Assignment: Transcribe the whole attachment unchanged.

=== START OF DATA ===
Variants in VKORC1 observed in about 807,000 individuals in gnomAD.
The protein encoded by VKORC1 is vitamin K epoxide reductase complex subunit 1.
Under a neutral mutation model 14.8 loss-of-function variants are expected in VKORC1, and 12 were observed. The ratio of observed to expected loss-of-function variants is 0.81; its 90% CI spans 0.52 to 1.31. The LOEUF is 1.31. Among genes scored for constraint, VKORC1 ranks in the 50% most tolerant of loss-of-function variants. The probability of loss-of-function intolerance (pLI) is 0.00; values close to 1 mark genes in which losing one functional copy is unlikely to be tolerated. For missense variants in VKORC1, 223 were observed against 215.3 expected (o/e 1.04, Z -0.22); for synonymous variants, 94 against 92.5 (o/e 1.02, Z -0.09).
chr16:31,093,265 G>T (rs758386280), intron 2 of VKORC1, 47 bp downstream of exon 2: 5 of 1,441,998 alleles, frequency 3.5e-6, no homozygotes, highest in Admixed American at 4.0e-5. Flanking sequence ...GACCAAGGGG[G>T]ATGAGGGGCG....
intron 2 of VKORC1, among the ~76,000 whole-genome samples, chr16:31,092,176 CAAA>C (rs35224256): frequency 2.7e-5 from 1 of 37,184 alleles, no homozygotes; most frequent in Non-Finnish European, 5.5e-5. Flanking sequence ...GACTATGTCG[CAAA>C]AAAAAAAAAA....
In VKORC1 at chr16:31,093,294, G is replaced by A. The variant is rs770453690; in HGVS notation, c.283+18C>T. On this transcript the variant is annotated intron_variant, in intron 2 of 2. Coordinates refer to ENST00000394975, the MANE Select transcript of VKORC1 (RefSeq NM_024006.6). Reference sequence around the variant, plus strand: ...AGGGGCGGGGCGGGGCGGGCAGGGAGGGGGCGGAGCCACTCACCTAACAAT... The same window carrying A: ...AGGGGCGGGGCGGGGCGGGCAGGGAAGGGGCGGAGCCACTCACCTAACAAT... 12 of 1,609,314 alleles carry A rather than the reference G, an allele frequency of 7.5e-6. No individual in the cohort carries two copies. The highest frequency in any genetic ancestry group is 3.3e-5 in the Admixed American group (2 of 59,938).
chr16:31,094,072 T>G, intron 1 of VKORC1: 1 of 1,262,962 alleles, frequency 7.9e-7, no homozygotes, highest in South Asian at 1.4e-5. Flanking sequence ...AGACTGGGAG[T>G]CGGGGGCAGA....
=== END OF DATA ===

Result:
Variants in VKORC1 observed in about 807,000 individuals in gnomAD.
The protein encoded by VKORC1 is vitamin K epoxide reductase complex subunit 1.
Under a neutral mutation model 14.8 loss-of-function variants are expected in VKORC1, and 12 were observed. The ratio of observed to expected loss-of-function variants is 0.81; its 90% CI spans 0.52 to 1.31. The LOEUF is 1.31. Among genes scored for constraint, VKORC1 ranks in the 50% most tolerant of loss-of-function variants. The probability of loss-of-function intolerance (pLI) is 0.00; values close to 1 mark genes in which losing one functional copy is unlikely to be tolerated. For missense variants in VKORC1, 223 were observed against 215.3 expected (o/e 1.04, Z -0.22); for synonymous variants, 94 against 92.5 (o/e 1.02, Z -0.09).
chr16:31,093,265 G>T (rs758386280), intron 2 of VKORC1, 47 bp downstream of exon 2: 5 of 1,441,998 alleles, frequency 3.5e-6, no homozygotes, highest in Admixed American at 4.0e-5. Flanking sequence ...GACCAAGGGG[G>T]ATGAGGGGCG....
intron 2 of VKORC1, among the ~76,000 whole-genome samples, chr16:31,092,176 CAAA>C (rs35224256): frequency 2.7e-5 from 1 of 37,184 alleles, no homozygotes; most frequent in Non-Finnish European, 5.5e-5. Flanking sequence ...GACTATGTCG[CAAA>C]AAAAAAAAAA....
In VKORC1 at chr16:31,093,294, G is replaced by A. The variant is rs770453690; in HGVS notation, c.283+18C>T. On this transcript the variant is annotated intron_variant, in intron 2 of 2. Coordinates refer to ENST00000394975, the MANE Select transcript of VKORC1 (RefSeq NM_024006.6). Reference sequence around the variant, plus strand: ...AGGGGCGGGGCGGGGCGGGCAGGGAGGGGGCGGAGCCACTCACCTAACAAT... The same window carrying A: ...AGGGGCGGGGCGGGGCGGGCAGGGAAGGGGCGGAGCCACTCACCTAACAAT... 12 of 1,609,314 alleles carry A rather than the reference G, an allele frequency of 7.5e-6. No individual in the cohort carries two copies. The highest frequency in any genetic ancestry group is 3.3e-5 in the Admixed American group (2 of 59,938).
chr16:31,094,072 T>G, intron 1 of VKORC1: 1 of 1,262,962 alleles, frequency 7.9e-7, no homozygotes, highest in South Asian at 1.4e-5. Flanking sequence ...AGACTGGGAG[T>G]CGGGGGCAGA....